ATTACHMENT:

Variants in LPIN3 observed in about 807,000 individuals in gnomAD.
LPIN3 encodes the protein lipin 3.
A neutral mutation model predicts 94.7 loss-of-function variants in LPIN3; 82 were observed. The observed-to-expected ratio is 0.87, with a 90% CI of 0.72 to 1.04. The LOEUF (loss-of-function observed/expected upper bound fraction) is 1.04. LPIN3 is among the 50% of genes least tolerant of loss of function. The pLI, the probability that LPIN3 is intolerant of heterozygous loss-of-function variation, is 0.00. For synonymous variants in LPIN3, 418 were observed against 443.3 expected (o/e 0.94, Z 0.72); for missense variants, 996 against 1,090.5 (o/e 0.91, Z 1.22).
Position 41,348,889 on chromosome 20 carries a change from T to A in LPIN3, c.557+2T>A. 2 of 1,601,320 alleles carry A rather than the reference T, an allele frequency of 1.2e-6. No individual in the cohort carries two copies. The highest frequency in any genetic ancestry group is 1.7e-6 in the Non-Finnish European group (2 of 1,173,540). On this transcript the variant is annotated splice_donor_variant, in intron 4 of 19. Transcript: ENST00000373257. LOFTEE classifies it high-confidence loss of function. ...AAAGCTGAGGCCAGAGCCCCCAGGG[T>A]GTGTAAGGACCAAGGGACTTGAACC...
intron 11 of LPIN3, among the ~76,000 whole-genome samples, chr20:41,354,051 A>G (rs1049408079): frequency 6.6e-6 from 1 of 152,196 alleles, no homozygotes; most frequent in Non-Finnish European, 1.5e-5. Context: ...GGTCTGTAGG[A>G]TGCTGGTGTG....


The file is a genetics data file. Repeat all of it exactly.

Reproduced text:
Variants in LPIN3 observed in about 807,000 individuals in gnomAD.
LPIN3 encodes the protein lipin 3.
A neutral mutation model predicts 94.7 loss-of-function variants in LPIN3; 82 were observed. The observed-to-expected ratio is 0.87, with a 90% CI of 0.72 to 1.04. The LOEUF (loss-of-function observed/expected upper bound fraction) is 1.04. LPIN3 is among the 50% of genes least tolerant of loss of function. The pLI, the probability that LPIN3 is intolerant of heterozygous loss-of-function variation, is 0.00. For synonymous variants in LPIN3, 418 were observed against 443.3 expected (o/e 0.94, Z 0.72); for missense variants, 996 against 1,090.5 (o/e 0.91, Z 1.22).
Position 41,348,889 on chromosome 20 carries a change from T to A in LPIN3, c.557+2T>A. 2 of 1,601,320 alleles carry A rather than the reference T, an allele frequency of 1.2e-6. No individual in the cohort carries two copies. The highest frequency in any genetic ancestry group is 1.7e-6 in the Non-Finnish European group (2 of 1,173,540). On this transcript the variant is annotated splice_donor_variant, in intron 4 of 19. Transcript: ENST00000373257. LOFTEE classifies it high-confidence loss of function. ...AAAGCTGAGGCCAGAGCCCCCAGGG[T>A]GTGTAAGGACCAAGGGACTTGAACC...
intron 11 of LPIN3, among the ~76,000 whole-genome samples, chr20:41,354,051 A>G (rs1049408079): frequency 6.6e-6 from 1 of 152,196 alleles, no homozygotes; most frequent in Non-Finnish European, 1.5e-5. Context: ...GGTCTGTAGG[A>G]TGCTGGTGTG....